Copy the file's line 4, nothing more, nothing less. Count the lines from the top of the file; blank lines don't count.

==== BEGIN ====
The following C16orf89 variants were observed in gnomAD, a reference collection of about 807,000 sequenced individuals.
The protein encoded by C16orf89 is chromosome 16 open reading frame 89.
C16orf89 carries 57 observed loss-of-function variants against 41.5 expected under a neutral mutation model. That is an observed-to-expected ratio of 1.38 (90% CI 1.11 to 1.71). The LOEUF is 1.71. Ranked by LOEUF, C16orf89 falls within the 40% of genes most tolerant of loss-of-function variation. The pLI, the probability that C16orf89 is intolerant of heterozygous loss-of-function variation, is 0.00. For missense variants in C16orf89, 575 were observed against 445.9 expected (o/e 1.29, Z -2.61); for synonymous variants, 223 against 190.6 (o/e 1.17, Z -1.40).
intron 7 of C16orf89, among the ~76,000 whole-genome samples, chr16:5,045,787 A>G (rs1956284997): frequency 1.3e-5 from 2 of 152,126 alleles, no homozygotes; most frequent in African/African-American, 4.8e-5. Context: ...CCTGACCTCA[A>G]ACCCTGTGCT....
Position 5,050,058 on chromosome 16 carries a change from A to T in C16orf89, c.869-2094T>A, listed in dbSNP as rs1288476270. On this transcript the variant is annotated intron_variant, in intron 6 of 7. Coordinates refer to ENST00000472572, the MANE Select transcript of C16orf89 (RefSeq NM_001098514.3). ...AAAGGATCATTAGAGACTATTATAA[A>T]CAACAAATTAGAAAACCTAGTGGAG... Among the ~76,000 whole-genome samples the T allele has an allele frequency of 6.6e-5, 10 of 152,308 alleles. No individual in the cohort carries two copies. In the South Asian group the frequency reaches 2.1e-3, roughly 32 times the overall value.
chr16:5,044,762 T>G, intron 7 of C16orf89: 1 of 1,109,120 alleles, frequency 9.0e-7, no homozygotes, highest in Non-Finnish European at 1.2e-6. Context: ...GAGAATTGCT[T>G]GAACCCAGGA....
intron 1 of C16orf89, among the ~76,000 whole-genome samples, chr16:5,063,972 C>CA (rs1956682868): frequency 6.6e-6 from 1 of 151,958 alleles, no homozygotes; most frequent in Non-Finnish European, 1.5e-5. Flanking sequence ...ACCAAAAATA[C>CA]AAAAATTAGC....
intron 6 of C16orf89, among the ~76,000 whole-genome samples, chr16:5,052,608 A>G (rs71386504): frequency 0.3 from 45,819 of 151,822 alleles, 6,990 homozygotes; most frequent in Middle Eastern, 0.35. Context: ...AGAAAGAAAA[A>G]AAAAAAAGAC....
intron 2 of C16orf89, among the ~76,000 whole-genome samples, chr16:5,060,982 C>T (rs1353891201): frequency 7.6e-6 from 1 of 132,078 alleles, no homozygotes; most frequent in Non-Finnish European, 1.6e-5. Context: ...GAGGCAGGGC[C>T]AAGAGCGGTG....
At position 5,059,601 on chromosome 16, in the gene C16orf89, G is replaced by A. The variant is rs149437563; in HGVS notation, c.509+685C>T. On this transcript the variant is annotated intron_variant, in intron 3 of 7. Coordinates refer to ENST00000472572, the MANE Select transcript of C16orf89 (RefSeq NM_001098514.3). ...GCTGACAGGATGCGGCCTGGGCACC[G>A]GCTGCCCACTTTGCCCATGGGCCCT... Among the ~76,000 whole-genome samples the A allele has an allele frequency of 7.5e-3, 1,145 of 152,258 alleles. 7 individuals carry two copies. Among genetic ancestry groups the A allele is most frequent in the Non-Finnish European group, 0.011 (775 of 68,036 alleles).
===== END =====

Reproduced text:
intron 7 of C16orf89, among the ~76,000 whole-genome samples, chr16:5,045,787 A>G (rs1956284997): frequency 1.3e-5 from 2 of 152,126 alleles, no homozygotes; most frequent in African/African-American, 4.8e-5. Context: ...CCTGACCTCA[A>G]ACCCTGTGCT....